Maddy: I guess you are right about the trickiness of border areas, but surely if we claim them to be part of our land, then we should study them as much as the interior? Instead, we marginalise those areas so much that they don't even feel that they are part of India.

CK: Unlike other Indians who served in the colonial army throughout the world, the Nagas didn't travel out of the country, so it's not surprising you haven't heard of them. As for the Japanese, true, they are mostly homogeneous, but they had encountered the Ainu in Hokkaido, against whom they've discriminated for centuries; and they weren't exactly filled with brotherly affection for the Manchus or the Koreans during their occupation of those lands prior to WWII. No?

Maddy said...

I agree that we should study them. But Indians have this problem of staying away from controversy and to themselves most of the time. Maybe that is the reason.

Btw I just read about a study result which concluded that there is nothing like aryans & dravidians in India. Apparently the DNA study reveals that North & South Indians have the same DNA characteristics.. and the origins are as thought, with links to African genome classes.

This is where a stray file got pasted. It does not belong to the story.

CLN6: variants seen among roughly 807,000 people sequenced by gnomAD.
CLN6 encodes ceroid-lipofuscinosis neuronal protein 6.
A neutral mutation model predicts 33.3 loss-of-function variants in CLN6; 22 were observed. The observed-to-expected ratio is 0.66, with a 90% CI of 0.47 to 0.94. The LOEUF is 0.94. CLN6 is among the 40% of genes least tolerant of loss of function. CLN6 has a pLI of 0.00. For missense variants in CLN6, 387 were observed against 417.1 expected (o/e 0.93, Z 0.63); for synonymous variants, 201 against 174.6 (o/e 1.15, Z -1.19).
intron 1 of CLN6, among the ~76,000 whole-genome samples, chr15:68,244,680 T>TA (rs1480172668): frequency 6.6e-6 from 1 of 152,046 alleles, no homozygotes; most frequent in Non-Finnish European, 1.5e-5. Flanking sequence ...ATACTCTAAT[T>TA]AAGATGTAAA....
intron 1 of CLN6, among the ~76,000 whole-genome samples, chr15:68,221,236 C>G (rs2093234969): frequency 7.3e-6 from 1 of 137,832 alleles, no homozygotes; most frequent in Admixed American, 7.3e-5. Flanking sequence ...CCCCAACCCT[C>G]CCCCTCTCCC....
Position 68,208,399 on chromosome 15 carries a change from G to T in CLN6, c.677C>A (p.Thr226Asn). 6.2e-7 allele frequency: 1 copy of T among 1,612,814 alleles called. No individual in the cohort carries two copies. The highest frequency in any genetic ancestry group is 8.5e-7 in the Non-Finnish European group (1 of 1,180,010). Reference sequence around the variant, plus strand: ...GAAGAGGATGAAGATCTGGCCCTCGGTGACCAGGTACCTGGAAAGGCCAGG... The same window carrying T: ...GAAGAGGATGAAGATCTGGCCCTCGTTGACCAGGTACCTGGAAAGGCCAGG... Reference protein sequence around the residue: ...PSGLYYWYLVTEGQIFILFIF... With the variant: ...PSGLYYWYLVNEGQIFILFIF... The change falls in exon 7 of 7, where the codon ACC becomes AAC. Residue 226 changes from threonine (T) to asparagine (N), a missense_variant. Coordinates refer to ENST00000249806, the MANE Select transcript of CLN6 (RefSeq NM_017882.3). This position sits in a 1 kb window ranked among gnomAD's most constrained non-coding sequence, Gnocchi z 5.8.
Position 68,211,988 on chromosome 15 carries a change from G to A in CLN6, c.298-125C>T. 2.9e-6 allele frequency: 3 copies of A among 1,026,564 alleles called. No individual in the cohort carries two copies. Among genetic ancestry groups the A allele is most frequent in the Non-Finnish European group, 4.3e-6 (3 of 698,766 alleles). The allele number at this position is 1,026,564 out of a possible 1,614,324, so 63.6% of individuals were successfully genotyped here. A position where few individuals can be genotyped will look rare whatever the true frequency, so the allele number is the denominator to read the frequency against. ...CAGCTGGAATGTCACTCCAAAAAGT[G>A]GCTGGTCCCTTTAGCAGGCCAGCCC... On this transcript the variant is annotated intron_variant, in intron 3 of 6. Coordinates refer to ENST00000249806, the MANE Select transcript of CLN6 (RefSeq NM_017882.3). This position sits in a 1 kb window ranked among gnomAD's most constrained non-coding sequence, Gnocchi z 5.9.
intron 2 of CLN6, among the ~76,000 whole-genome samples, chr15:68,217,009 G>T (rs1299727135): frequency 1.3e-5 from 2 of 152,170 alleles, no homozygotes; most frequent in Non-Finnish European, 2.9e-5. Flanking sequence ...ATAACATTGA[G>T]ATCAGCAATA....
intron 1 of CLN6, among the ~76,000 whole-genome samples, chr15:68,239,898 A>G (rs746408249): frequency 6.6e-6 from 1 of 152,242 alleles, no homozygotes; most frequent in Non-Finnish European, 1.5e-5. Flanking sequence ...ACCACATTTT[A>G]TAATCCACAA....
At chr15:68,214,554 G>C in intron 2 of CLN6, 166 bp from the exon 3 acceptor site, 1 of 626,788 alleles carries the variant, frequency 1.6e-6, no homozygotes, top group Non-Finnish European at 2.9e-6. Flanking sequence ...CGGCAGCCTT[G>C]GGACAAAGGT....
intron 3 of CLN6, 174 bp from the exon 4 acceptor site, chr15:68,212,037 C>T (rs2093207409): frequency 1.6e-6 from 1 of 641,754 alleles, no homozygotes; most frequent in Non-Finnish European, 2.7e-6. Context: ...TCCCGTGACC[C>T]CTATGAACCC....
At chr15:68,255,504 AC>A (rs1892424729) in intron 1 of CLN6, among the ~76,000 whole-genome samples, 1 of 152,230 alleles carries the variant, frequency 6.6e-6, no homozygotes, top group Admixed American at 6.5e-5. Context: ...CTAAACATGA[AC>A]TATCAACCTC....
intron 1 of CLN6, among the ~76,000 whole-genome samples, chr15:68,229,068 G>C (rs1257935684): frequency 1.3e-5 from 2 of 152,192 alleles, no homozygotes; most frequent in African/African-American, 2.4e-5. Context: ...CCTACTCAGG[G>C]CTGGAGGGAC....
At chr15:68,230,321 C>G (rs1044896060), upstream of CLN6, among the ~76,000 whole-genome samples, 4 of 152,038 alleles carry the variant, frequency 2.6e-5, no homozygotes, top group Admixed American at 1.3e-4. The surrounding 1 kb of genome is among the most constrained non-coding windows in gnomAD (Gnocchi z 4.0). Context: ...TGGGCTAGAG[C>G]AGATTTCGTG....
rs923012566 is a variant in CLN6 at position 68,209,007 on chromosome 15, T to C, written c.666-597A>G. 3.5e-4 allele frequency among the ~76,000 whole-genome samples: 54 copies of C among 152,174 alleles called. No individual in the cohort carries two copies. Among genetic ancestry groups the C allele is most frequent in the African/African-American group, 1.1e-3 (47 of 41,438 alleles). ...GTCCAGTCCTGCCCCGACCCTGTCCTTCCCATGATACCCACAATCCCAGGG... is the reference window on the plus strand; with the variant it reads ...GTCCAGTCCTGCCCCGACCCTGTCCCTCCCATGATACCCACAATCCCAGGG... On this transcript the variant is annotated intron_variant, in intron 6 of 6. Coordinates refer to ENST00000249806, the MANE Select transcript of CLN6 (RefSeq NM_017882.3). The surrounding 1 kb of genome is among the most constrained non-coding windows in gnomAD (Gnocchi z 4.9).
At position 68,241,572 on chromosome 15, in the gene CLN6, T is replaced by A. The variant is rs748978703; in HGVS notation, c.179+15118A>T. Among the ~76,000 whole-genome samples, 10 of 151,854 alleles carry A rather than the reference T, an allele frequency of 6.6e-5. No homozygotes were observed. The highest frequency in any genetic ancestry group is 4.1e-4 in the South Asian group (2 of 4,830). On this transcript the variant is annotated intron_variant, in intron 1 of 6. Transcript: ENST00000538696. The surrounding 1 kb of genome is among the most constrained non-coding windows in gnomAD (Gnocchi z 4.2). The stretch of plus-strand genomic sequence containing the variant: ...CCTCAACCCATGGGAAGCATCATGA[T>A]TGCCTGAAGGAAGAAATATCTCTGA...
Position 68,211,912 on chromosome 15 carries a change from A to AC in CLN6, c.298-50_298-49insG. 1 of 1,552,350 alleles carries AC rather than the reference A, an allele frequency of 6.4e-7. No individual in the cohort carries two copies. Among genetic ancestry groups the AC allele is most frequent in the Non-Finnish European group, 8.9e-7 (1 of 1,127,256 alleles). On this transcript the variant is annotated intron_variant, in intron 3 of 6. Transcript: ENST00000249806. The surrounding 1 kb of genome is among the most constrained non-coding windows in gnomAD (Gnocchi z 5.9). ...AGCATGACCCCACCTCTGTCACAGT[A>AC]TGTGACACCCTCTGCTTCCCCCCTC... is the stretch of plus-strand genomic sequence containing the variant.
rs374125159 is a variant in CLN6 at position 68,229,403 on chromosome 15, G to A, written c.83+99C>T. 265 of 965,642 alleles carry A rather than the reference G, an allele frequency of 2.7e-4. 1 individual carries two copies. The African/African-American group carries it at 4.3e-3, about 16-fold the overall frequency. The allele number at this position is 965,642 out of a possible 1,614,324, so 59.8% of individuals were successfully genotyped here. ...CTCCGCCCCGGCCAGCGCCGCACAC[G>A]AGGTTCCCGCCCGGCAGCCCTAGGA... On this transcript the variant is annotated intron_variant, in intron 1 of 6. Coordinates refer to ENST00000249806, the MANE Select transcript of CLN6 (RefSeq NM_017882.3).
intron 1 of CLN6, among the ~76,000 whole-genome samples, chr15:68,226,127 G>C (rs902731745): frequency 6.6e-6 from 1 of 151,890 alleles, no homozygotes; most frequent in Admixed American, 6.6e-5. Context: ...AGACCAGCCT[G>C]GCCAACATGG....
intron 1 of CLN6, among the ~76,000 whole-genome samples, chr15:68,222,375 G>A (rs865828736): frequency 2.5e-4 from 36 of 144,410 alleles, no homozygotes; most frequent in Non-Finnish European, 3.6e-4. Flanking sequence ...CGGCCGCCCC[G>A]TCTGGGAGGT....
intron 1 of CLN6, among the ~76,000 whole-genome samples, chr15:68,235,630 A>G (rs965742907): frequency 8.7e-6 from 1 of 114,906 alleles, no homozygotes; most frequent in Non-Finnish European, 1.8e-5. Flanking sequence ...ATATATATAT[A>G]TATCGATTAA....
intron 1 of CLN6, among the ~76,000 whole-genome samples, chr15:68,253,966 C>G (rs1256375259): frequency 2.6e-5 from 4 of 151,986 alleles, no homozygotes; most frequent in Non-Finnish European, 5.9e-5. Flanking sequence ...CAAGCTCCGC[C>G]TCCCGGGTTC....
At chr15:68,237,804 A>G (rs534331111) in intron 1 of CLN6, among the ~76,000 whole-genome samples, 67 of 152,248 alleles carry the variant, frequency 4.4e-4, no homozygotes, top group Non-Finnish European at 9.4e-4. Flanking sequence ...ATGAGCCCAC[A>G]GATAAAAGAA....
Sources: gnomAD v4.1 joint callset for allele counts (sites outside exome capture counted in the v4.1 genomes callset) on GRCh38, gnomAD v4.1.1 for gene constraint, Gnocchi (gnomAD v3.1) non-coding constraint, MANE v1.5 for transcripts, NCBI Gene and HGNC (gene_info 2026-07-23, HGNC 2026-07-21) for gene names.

Guru said...

Trust you to uncover this little known tracts of history! I immediately thought of Akheto & Himato. Lets see what they have to say about these writings!

Anonymous said...

Here Iam, out in the jungle looking for those JAPS,Jokes apart, its very interesting read though it doen`t really say much about the real and true NAGAS.Sad part is that we are normally introduce to our own people and history through foriegners.This one is yet another classic case.

illusionaire said...

Great post. Hope you dont mind me linking this post when I write a topic on this later.